Soon, it became clear that the meds and the interstim just weren't cutting it. I was still working, but I was having such bad spasms, despite the bladder installations 3 times a day that it felt like I was in labor! As a matter of fact, I wish I [I]had been in labor!![I] My quality of life was was work a 50 hour week and then fall into bed every night and spend at least one of the weekend days in bed all day every weekend! It was certainly no way to live. My surgeon at Strong discussed with me the option of having a second interstim placed on the other side! I had never heard of that! I consulted this forum again, but never found that anyone had a second unit placed. I had always kept my first urologist where I live, because he could take care of UTIs, adjust medications as needed (since so many of mine were "triplicate" medications that had to come through the mail & when I was in serious trouble he could take care of that) and just to consult with in case I needed someone immediately! By this time, my uro here was allowed to perform the interstim surgery. Prior to that, our hospital still considered the procedure "experimental," and he wasn't allowed to do the surgery. So, with discussions with both doctors, we decided that a 2nd unit would be the answer, and to avoid the 3 hour drive home following the surgery, the best option would be to have it done HERE!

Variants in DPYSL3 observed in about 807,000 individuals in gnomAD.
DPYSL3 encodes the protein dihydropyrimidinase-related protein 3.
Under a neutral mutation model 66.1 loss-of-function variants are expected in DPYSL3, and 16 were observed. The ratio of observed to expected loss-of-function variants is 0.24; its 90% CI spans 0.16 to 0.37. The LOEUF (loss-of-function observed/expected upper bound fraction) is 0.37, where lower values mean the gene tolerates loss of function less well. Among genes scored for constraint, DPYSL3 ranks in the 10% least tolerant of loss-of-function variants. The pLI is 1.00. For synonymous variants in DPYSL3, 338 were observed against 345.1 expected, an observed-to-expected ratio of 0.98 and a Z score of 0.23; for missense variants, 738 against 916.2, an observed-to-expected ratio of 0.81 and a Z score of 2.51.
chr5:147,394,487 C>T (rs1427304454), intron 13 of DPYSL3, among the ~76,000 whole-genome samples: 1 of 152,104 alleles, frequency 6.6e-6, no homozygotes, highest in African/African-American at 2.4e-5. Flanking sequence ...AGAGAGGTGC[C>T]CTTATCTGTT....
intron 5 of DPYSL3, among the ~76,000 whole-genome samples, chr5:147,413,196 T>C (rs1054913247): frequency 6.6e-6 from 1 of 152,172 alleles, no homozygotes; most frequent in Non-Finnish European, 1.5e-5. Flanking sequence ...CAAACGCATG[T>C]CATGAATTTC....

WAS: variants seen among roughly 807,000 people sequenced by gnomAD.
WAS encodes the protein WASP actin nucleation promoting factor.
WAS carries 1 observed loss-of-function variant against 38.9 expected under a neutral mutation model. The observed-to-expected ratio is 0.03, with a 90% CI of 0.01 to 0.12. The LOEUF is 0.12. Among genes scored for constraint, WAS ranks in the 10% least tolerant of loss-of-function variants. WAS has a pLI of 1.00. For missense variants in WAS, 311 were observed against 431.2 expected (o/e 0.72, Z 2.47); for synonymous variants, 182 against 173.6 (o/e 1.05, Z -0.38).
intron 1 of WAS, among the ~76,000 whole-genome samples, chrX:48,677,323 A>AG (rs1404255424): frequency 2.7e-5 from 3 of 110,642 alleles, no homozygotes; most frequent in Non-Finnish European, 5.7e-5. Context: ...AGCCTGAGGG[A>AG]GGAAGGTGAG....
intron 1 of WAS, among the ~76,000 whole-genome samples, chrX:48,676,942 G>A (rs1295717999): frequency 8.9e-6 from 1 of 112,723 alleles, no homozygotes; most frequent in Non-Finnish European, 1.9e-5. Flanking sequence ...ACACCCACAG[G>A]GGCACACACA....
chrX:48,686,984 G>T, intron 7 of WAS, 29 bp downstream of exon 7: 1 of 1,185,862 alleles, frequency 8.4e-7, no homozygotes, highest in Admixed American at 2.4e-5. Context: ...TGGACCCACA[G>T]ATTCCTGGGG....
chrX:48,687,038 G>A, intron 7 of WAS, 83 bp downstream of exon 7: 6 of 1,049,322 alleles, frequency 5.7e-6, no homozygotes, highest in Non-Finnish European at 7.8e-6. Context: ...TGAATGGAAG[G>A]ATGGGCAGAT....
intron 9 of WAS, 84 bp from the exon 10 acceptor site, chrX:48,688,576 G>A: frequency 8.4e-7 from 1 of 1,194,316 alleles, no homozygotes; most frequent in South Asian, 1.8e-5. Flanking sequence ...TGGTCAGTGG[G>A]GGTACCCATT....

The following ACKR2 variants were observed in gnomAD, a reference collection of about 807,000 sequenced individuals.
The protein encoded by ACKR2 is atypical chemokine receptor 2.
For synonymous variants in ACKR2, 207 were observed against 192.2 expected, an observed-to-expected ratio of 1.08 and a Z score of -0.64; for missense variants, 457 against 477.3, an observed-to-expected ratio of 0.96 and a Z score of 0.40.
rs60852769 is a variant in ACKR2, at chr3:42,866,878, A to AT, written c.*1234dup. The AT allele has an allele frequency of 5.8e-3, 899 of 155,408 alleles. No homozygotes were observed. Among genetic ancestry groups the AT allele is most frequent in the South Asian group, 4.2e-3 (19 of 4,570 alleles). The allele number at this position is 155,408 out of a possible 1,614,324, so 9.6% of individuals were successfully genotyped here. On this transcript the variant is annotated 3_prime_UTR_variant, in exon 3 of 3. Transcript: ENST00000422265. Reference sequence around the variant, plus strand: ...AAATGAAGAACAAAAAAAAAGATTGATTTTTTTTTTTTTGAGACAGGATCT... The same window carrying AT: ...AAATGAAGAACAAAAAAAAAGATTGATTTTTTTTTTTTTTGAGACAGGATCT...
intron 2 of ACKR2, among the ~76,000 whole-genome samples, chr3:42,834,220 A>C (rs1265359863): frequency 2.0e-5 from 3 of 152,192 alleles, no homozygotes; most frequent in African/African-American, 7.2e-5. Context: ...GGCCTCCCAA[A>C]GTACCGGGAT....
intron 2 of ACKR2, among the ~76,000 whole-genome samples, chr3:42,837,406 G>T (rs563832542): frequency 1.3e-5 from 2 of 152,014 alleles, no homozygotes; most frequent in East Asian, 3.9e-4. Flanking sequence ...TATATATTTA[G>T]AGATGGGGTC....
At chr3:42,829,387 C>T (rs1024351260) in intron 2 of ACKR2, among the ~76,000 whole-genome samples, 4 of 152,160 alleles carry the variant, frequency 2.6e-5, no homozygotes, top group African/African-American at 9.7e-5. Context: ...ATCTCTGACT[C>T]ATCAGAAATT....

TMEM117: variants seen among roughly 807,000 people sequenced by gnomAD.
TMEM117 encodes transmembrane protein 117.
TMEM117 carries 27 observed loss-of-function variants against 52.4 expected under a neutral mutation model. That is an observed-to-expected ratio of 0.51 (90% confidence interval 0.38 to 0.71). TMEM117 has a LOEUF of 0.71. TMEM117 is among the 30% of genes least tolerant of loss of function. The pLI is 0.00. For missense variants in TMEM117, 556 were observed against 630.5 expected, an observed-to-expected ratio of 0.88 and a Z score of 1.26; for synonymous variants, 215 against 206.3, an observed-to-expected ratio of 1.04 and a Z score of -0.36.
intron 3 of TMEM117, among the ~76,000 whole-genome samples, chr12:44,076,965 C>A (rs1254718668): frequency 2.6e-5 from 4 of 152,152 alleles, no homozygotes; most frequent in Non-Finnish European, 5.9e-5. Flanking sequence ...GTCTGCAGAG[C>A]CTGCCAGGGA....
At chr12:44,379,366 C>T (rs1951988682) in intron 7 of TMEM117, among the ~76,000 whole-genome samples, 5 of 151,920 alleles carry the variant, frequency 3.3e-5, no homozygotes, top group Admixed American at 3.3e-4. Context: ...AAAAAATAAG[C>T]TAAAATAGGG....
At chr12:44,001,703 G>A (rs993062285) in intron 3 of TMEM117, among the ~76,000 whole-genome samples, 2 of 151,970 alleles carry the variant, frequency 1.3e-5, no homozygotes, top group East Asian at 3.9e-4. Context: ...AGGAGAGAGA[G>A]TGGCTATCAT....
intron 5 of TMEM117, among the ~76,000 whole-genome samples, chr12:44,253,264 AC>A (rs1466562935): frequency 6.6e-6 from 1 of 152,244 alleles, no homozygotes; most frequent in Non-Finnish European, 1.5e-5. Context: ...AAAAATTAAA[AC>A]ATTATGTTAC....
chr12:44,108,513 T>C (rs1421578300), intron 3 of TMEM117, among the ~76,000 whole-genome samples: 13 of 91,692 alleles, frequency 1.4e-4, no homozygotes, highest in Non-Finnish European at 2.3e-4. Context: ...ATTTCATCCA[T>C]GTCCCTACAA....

So, the 2nd unit is placed and once again, I had the surgery on a Thursday and went back to work on that Monday. I felt GREAT! For the first time in years, I had so little pain that I actually lessened my medication on my own. Before my post-op visit, however, we noticed that the wound didn’t seem to be healing very well. By the time I went to my doctor’s appointment, I had a lot of pain, itching, and discomfort at the surgical site…BUT, my bladder pain was GONE! I ever took the bold step of going off of my methadone completely…without doctor’s supervision!!! (don’t ever do that, I’ve done it a few times and the side effects are horrible, but at this particular time, I didn’t care!) Anyway, I went to the post-op appointment and my urologist seemed pretty concerned. He put me on a really strong antibiotic (because like most IC sufferers, we've been on so many antibiotics that most are ineffective) and asked me to come back in a week. I was still working, and the discomfort of the wound became worse and worse, but since my bladder pain was [I][B]gone[B][I]I couldn't believe that this was going wrong! When I went to my next appointment, my uro said that he thought the unit had to come out! I cried and begged him to do something else...[I]anything else![I] He scheduled me for a PIC line immediately and put me on an intravenous IV drip that I had to do twice a day. Again, I still held my full-time job through all of that. The biggest problem was that I was allergic to the antibiotic in the IV! I had a visiting nurse at least once per day (they wanted one there for each IV drip, but insurance wouldn't cover the amount of visits, and I had a crazy schedule!) The new idea was to take a benadryl about an hour before I started the IV, and to make it drip over an hour period of time rather than the 30 minutes it took. That meant getting up at 4:30 AM to take the benadryl, preparing everything for the IV, then laying in my chair for the hour of the drip and repeating the whole thing all over again at night before bedtime. What a pain! But, saving the unit was the ultimate goal! Working through all of this was so hard....the benadryl made me sleepy, the wound was opening and uncomfortable, and the medications paired with the benadryl & antibiotics just made me drag throughout the day.